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The Life and Times of a Dev Yes, we're really that weird

In general, the best product owners are those that care passionately about the customer of the product.  Note that I didn’t say about the product itself.  Actually, people that only care about the product, generally do not make good product owners.  Products only matter in relationship to their customers.  If a product doesn’t provide value to the customer, then the product has no value, no matter what a person might think of the product, and no matter what cool technologies exist inside of the product.

A good product owner is also a good negotiator.  They recognize that many different priorities exist inside of a corporation, but that there can be only one list that developers work from.  A good product owner recognizes that its their job to help others around them prioritize (perhaps with a Product Council), but also understand that they alone have the final say about priorities and are willing to make the tough decisions required.  Deciding the priority between two perfectly valid stories is very difficult, especially when the stories are from two different departments!

A good product owner is deeply interested in helping the team be successful.  They don’t seek to control the team, but instead seek to understand what the team can do and then work with the team to get the best product possible for the Customer.  A good product owner is never denigrating to team members, ever.  They recognize that such behavior would damage the trust that needs to be present between team members and product owners and will avoid it at all costs.

In general, technical people (i.e. former or current developers) make poor product owners.  In their minds, they can’t separate implementation details from user functionality, so their stories end up sounding like implementation details.  For example, “The user enters their username on the password screen” is something that a technical product owner would write.  The proper wording for that story is “A user supplies the system with their credentials.”  Because technical people think different from the rest of the population, they are generally not a good fit.

A good product owner is also a good writer.  Writing good stories demands good writing.  The art of persuasion, descriptiveness and just general good grammar are all required.  A good Product Owner must also be well spoken, since most of what will be conveyed will be conveyed with the spoken word, not just written word.

A good product owner is a “People Person.”  They like talking to people and are very patient.  They don’t mind having questions repeated or fielding many questions, because they want to make sure that the ideas they’re conveying are properly understood so the customer gets the best product possible.  They are happy to answer any questions a team member may have and invite feedback and criticism of designs and stories, since they want a good product.  They really have little ego that gets in the way of building a great product.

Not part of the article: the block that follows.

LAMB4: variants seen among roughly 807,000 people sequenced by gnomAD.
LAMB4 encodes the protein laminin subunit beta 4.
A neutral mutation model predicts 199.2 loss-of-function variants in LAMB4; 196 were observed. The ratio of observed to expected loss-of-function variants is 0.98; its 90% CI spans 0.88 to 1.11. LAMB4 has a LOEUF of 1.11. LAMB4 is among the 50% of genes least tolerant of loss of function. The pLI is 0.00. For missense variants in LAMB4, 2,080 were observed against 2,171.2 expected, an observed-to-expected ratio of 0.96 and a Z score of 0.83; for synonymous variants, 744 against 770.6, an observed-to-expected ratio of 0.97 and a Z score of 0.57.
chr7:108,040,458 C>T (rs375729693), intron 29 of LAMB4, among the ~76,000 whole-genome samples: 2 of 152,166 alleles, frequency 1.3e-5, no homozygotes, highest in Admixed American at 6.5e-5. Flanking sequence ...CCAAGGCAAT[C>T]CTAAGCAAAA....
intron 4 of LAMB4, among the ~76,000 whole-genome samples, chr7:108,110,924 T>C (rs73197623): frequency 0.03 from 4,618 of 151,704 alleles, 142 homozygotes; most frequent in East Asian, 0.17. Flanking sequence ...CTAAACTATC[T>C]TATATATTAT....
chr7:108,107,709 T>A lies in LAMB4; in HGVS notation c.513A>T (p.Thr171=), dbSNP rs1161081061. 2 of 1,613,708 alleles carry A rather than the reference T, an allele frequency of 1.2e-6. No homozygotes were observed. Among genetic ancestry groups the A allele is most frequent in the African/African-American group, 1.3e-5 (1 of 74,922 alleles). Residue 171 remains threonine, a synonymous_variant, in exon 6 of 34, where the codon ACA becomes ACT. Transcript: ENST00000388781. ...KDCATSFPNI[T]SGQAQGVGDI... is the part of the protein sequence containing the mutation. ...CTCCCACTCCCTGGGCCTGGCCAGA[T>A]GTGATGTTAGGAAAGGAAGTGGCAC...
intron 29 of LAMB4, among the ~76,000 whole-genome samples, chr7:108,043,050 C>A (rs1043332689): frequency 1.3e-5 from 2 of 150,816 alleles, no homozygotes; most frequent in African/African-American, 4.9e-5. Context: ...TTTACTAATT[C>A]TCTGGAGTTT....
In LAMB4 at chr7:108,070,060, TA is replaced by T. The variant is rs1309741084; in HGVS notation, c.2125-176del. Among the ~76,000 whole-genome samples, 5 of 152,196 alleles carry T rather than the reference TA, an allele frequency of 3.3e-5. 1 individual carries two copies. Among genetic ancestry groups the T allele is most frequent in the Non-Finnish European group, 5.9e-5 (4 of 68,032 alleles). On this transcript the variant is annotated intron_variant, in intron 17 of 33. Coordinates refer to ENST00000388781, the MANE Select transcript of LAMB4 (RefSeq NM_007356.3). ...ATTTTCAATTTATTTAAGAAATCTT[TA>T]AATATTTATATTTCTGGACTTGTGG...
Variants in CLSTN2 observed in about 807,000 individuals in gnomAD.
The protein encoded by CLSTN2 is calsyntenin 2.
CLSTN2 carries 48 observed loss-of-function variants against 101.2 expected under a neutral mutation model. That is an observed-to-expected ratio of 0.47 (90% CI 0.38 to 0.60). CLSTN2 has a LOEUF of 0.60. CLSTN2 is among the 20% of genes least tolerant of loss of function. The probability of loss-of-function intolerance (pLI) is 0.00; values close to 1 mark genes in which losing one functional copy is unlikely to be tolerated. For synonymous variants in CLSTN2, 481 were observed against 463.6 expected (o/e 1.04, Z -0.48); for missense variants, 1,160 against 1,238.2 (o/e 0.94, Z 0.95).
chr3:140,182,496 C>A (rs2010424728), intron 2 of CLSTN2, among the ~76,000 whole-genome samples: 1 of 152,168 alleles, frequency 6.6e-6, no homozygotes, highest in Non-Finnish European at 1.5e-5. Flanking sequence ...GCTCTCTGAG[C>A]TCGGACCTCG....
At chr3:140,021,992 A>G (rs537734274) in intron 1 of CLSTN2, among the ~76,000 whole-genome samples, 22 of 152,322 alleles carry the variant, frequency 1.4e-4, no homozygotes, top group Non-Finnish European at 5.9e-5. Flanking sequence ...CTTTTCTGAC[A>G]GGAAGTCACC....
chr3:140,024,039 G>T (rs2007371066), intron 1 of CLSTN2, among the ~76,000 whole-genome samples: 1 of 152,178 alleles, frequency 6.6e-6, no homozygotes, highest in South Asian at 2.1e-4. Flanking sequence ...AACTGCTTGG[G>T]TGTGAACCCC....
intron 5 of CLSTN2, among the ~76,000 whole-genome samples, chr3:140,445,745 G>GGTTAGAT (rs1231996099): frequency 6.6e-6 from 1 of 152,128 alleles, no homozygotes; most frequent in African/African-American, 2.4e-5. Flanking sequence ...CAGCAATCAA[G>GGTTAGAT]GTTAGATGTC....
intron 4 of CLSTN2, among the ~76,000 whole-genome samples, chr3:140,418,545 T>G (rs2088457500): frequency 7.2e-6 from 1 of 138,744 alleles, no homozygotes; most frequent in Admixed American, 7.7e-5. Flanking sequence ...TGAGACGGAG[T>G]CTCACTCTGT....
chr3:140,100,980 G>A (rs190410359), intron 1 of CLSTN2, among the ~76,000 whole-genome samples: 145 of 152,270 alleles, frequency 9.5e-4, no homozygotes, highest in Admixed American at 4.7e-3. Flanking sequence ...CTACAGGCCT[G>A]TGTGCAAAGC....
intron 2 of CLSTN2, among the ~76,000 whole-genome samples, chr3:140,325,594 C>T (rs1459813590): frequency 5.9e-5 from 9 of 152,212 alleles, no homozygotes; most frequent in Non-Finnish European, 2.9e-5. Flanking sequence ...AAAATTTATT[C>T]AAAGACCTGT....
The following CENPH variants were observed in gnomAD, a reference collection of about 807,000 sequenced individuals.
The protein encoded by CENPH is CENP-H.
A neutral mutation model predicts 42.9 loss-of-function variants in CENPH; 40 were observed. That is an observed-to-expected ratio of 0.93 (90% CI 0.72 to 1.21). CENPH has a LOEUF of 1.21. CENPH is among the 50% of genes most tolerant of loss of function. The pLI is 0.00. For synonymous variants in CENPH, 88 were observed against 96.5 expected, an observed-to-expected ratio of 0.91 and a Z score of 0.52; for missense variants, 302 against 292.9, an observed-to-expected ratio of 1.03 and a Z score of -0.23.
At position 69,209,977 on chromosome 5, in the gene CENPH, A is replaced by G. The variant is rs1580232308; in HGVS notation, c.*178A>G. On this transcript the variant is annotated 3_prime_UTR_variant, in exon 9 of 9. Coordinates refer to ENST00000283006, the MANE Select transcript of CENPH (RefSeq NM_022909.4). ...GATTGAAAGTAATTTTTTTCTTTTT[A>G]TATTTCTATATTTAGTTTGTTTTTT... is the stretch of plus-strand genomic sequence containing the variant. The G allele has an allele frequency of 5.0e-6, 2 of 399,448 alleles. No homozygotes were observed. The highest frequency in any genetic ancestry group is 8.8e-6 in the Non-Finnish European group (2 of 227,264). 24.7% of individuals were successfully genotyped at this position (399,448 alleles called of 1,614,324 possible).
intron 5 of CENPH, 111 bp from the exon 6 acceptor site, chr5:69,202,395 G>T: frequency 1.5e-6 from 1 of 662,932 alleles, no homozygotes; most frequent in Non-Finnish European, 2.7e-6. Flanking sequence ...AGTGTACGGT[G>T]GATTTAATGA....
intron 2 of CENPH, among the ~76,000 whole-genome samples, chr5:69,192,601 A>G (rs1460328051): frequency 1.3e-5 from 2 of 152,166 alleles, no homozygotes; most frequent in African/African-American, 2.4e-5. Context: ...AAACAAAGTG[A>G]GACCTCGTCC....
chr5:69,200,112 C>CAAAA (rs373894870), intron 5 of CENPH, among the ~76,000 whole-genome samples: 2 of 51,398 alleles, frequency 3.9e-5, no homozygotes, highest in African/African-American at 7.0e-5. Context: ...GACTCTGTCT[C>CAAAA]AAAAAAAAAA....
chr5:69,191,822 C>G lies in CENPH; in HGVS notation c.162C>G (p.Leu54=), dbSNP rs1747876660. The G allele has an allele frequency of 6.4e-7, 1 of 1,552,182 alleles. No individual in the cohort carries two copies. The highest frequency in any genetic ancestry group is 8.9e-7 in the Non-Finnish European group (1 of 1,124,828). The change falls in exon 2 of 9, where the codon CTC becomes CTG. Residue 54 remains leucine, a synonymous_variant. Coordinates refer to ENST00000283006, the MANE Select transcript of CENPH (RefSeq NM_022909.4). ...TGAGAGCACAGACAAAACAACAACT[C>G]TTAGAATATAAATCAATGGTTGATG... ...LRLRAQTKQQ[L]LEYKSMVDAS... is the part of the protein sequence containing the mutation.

All of these qualities can be hard to find, but if you look close enough, you’ll find the right person in your organization.  Product owners can be found anywhere, not just in upper management.  Some of the best product owners are those that are very close to the customer.  In fact, check your customer support staff.  I’d bet that several great product owners are lurking there.

Final note about what makes a good product owner.  You’re probably NOT going to find a good product owner in a manager, especially if they consider themselves a “Manager.”  Product owners don’t manage anything but the backlog, so be especially careful if the person you’re selecting for Product Owner is a manager.

Up Next, “Messing with the Team.”

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Posted on Monday, May 17, 2010 11:02 AM | Back to top

Comments on this post: Who Makes a Good Product Owner

# re: Who Makes a Good Product Owner
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Man, I agree with you. You almost read my mind with this post ! Thanks for this awesome article
Left by A on Jun 26, 2012 6:12 AM

# re: Who Makes a Good Product Owner
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The ability to provide a good quality product is essential. - Bath Planet Franchise
Left by Jon Curtney on Feb 09, 2017 9:21 PM

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